GENESEO – A Buffalo-based photographer known for his ultra close-up shots of snowflakes is this month’s visiting artist at The Gallery in the Valley, the new photography gallery at 79 Main St. in the village.
Keith Walters, who opened The Gallery in November with his wife, Lauren Page Wadsworth, said he and Wadsworth chose to feature Doug Levere because his photographs “are as unique the snowflakes themselves.”
“Before seeing Doug’s images,” Walters continued, “I had never seen a body of work that showed the incredible detail of snowflakes, and I really think it gives people a unique perspective on winter. Snow can get old, fast, for many Western New Yorkers, but Doug’s art offers a renewed sense of beauty for the winter season.”
Levere, 54, first started capturing the microscopic world of snowflakes while working as a photographer for the state University of Buffalo, his alma mater. Busy with work and family, Levere was looking around for something he could photograph in his free time that wouldn’t require him to travel too much, and settled on snow.
“I was familiar with the work of Wilson A. Bentley, the pioneering photographer, the first to photograph snowflakes. Those are gorgeous images first created in the late 1800s,” Levere explained. “I decided to follow in his footsteps with a digital camera. It took some time and patience but I developed a method that work for me using a microscope lens attached to a long tube that attached to my camera.”
While patience is important when photographing any subject, it’s especially so when trying to capture snowflakes.
“The view through the camera is often joyous for me,” said Levere. “(That’s) part of why I would spend so much time taking the shots. It is often great to see people’s reaction to the work in person. Many can’t believe that they are real, that that is what they are walking on in the street, just under their noses.”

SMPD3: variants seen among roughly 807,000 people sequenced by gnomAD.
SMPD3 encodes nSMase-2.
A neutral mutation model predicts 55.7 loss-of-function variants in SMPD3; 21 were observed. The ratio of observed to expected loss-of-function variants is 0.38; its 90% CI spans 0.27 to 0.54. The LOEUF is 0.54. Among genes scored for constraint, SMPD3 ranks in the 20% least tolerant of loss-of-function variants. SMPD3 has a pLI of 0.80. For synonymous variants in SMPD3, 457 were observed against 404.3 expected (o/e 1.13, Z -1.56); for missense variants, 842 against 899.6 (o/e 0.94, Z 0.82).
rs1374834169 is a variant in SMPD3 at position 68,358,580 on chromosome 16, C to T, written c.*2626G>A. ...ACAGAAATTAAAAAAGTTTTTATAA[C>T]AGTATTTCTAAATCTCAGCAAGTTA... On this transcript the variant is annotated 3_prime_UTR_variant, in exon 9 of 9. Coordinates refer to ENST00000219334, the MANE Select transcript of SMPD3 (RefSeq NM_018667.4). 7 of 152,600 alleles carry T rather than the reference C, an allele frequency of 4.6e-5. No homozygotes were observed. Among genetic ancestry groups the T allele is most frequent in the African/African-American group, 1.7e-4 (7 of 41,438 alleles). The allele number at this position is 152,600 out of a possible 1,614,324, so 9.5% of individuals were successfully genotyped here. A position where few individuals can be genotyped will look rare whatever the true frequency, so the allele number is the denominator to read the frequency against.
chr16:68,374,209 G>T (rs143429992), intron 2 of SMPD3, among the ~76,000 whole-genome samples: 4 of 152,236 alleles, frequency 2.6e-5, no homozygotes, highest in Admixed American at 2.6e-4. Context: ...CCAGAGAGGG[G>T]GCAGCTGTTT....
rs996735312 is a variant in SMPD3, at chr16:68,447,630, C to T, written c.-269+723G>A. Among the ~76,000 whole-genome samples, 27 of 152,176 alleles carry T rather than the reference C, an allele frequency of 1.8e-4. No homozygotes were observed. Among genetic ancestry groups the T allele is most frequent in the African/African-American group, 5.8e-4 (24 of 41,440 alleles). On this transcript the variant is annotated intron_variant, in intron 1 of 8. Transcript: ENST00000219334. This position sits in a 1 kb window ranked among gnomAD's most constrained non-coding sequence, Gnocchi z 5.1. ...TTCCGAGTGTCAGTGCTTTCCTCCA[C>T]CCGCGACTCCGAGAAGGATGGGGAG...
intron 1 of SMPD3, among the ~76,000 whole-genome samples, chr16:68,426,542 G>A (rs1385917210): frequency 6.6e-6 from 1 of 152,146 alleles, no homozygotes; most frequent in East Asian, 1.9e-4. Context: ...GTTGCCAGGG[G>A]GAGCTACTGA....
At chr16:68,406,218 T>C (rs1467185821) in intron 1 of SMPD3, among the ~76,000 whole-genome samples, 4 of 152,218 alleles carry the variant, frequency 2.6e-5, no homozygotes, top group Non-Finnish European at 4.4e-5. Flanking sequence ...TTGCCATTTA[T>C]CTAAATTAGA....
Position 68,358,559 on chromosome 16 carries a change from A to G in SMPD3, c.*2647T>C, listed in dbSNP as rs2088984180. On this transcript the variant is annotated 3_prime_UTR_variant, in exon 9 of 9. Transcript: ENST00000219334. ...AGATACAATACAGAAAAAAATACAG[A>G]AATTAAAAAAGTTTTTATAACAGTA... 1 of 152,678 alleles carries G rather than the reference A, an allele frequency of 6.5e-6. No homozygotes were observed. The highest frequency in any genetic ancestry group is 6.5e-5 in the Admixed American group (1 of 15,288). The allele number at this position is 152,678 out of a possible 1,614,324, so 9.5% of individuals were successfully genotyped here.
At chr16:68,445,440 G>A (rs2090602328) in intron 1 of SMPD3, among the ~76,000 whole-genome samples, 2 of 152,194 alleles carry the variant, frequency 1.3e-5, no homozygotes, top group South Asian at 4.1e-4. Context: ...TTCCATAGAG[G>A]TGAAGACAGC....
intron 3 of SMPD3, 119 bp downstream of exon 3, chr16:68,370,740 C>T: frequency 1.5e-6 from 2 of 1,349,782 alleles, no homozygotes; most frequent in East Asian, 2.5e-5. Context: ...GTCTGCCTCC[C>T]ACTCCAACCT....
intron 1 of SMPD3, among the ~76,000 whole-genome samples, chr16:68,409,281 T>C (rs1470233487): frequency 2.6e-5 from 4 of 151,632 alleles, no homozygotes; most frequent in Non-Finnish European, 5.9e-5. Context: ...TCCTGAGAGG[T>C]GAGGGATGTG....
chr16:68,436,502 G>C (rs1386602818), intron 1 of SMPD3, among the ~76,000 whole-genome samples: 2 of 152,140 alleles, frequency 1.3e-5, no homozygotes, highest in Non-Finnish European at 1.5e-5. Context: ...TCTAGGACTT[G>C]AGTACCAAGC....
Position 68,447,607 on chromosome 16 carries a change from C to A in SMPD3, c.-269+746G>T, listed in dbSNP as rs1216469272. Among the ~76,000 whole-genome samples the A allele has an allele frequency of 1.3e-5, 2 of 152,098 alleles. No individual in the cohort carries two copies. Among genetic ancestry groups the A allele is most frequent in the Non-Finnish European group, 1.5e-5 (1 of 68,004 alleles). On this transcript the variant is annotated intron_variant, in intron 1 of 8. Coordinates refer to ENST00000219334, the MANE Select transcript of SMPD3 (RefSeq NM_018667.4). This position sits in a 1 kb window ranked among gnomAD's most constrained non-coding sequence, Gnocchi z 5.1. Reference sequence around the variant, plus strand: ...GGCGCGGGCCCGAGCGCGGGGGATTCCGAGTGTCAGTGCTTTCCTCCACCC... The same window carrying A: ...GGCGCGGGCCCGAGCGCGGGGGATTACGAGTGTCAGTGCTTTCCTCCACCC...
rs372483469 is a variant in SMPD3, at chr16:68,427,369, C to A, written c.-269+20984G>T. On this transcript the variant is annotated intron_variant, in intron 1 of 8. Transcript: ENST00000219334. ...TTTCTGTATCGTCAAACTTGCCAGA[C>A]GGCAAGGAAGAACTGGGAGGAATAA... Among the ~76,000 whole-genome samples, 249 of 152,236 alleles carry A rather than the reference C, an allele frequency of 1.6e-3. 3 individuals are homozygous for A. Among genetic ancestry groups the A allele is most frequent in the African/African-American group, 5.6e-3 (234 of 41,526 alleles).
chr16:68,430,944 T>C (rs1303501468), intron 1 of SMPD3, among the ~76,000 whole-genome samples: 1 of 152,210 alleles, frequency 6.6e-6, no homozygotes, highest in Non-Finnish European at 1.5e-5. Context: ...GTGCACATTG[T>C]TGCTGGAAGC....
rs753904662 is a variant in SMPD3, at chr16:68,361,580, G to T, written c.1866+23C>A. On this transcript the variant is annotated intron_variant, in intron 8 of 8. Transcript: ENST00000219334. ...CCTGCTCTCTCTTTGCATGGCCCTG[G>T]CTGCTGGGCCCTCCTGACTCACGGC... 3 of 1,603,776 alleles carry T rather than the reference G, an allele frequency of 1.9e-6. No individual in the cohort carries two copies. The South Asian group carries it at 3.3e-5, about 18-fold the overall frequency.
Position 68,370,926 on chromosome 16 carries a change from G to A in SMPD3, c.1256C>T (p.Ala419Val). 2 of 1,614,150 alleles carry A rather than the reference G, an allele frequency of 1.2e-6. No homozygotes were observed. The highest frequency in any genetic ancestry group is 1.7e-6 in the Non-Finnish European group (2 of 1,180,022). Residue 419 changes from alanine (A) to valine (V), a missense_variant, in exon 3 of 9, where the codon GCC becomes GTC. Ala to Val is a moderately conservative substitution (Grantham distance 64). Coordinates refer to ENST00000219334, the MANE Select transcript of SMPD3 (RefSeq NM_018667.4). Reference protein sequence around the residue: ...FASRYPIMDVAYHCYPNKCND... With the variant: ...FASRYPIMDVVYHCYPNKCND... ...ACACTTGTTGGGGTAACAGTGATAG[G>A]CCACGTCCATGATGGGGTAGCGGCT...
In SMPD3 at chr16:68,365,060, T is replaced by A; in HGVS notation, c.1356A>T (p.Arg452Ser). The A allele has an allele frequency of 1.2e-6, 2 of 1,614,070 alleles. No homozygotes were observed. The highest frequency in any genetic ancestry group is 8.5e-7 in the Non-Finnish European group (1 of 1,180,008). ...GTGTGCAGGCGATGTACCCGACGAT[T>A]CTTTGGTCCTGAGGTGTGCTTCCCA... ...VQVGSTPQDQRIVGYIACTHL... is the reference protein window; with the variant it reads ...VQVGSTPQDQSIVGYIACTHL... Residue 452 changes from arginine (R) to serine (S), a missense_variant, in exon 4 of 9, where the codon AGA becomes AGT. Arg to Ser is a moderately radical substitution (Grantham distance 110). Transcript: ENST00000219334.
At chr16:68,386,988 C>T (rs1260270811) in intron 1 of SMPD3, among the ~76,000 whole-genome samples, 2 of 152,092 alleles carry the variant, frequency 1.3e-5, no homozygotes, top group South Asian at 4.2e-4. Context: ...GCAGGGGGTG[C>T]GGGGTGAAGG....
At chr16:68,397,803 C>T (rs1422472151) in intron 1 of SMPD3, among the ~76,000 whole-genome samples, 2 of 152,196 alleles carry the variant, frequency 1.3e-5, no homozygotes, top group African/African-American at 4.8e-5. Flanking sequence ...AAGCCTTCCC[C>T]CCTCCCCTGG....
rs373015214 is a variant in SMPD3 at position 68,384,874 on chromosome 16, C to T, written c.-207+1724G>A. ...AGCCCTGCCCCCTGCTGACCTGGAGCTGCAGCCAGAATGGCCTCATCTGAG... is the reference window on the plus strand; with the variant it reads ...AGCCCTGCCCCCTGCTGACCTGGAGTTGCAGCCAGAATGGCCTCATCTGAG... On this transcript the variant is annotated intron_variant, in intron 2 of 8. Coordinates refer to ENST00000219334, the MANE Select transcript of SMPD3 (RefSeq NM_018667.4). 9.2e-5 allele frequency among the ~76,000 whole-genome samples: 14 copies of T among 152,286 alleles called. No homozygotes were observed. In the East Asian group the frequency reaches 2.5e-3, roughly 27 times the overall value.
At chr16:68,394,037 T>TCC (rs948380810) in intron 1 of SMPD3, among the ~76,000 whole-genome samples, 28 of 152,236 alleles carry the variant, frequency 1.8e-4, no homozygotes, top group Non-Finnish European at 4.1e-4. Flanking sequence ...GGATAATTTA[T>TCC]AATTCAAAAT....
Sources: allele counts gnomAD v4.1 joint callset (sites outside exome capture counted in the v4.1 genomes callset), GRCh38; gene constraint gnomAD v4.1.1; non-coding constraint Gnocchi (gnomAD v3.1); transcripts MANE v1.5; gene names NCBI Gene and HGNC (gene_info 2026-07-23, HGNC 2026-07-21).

After graduating from UB, Levere moved to New York City, where he cut his professional teeth assisting a range of photographers in different fields of photography.
Around 1997, he began looking around for a project to do outside his commercial and editorial work for magazines such as Newsweek, Forbes and People.
He drew inspiration from the work of Berenice Abbott, the American photographer known for his shots of the city’s architecture and urban landscapes in the 1930s.
Levere returned to the same places Abbott had photographed 60 year prior, at the same time of day and year and with the same, large format camera.
Levere ultimately replicated 114 of the 304 photographs Abbott had captured. The end result was published by the Princeton Architectural Press in 2004 as “New York Changing,” itself a play on Abbott’s title: “Changing New York.”
Levere’s show runs through Jan. 31 at The Gallery in the Valley, which is open Friday through Monday. To see its full hours, visit its website at http://thegalleryinthevalley.com/. All of Levere’s artworks on display are for sale.